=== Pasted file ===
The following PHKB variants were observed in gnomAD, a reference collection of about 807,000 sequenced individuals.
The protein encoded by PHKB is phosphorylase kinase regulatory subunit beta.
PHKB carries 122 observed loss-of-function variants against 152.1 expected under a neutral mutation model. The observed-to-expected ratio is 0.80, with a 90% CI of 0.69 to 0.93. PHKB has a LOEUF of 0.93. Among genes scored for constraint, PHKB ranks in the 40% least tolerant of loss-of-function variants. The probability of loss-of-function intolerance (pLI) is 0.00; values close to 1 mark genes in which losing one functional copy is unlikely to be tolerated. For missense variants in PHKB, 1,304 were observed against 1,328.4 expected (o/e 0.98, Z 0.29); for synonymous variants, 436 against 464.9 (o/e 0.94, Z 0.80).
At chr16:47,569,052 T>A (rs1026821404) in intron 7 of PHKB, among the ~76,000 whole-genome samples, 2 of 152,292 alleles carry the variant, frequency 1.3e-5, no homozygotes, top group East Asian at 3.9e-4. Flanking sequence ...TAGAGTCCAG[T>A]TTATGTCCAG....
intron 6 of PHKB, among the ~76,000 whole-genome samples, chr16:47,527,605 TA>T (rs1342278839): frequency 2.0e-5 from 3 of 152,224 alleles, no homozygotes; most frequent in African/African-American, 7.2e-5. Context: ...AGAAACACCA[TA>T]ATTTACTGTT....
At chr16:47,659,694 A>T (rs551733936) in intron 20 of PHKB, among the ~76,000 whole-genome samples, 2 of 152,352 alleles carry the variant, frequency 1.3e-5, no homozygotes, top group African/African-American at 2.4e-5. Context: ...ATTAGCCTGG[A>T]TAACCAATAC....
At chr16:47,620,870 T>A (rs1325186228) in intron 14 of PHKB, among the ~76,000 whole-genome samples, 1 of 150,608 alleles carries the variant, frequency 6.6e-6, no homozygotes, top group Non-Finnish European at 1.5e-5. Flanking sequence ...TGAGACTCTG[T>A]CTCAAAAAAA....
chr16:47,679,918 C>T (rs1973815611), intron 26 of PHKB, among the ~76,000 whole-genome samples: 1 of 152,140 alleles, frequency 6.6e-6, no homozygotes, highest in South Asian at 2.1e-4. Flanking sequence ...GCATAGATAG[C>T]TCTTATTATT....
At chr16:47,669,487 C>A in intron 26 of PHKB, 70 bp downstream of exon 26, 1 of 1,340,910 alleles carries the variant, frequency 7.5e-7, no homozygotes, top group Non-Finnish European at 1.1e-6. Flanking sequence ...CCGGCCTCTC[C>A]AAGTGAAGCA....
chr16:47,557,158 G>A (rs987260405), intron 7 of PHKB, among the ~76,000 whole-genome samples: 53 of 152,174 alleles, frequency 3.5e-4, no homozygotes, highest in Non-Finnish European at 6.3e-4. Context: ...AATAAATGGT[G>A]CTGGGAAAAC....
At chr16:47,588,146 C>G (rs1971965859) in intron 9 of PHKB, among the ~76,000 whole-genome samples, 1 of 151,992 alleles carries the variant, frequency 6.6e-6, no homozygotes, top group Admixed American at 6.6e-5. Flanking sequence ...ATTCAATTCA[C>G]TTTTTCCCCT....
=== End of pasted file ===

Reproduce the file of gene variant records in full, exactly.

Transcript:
The following PHKB variants were observed in gnomAD, a reference collection of about 807,000 sequenced individuals.
The protein encoded by PHKB is phosphorylase kinase regulatory subunit beta.
PHKB carries 122 observed loss-of-function variants against 152.1 expected under a neutral mutation model. The observed-to-expected ratio is 0.80, with a 90% CI of 0.69 to 0.93. PHKB has a LOEUF of 0.93. Among genes scored for constraint, PHKB ranks in the 40% least tolerant of loss-of-function variants. The probability of loss-of-function intolerance (pLI) is 0.00; values close to 1 mark genes in which losing one functional copy is unlikely to be tolerated. For missense variants in PHKB, 1,304 were observed against 1,328.4 expected (o/e 0.98, Z 0.29); for synonymous variants, 436 against 464.9 (o/e 0.94, Z 0.80).
At chr16:47,569,052 T>A (rs1026821404) in intron 7 of PHKB, among the ~76,000 whole-genome samples, 2 of 152,292 alleles carry the variant, frequency 1.3e-5, no homozygotes, top group East Asian at 3.9e-4. Flanking sequence ...TAGAGTCCAG[T>A]TTATGTCCAG....
intron 6 of PHKB, among the ~76,000 whole-genome samples, chr16:47,527,605 TA>T (rs1342278839): frequency 2.0e-5 from 3 of 152,224 alleles, no homozygotes; most frequent in African/African-American, 7.2e-5. Context: ...AGAAACACCA[TA>T]ATTTACTGTT....
At chr16:47,659,694 A>T (rs551733936) in intron 20 of PHKB, among the ~76,000 whole-genome samples, 2 of 152,352 alleles carry the variant, frequency 1.3e-5, no homozygotes, top group African/African-American at 2.4e-5. Context: ...ATTAGCCTGG[A>T]TAACCAATAC....
At chr16:47,620,870 T>A (rs1325186228) in intron 14 of PHKB, among the ~76,000 whole-genome samples, 1 of 150,608 alleles carries the variant, frequency 6.6e-6, no homozygotes, top group Non-Finnish European at 1.5e-5. Flanking sequence ...TGAGACTCTG[T>A]CTCAAAAAAA....
chr16:47,679,918 C>T (rs1973815611), intron 26 of PHKB, among the ~76,000 whole-genome samples: 1 of 152,140 alleles, frequency 6.6e-6, no homozygotes, highest in South Asian at 2.1e-4. Flanking sequence ...GCATAGATAG[C>T]TCTTATTATT....
At chr16:47,669,487 C>A in intron 26 of PHKB, 70 bp downstream of exon 26, 1 of 1,340,910 alleles carries the variant, frequency 7.5e-7, no homozygotes, top group Non-Finnish European at 1.1e-6. Flanking sequence ...CCGGCCTCTC[C>A]AAGTGAAGCA....
chr16:47,557,158 G>A (rs987260405), intron 7 of PHKB, among the ~76,000 whole-genome samples: 53 of 152,174 alleles, frequency 3.5e-4, no homozygotes, highest in Non-Finnish European at 6.3e-4. Context: ...AATAAATGGT[G>A]CTGGGAAAAC....
At chr16:47,588,146 C>G (rs1971965859) in intron 9 of PHKB, among the ~76,000 whole-genome samples, 1 of 151,992 alleles carries the variant, frequency 6.6e-6, no homozygotes, top group Admixed American at 6.6e-5. Flanking sequence ...ATTCAATTCA[C>G]TTTTTCCCCT....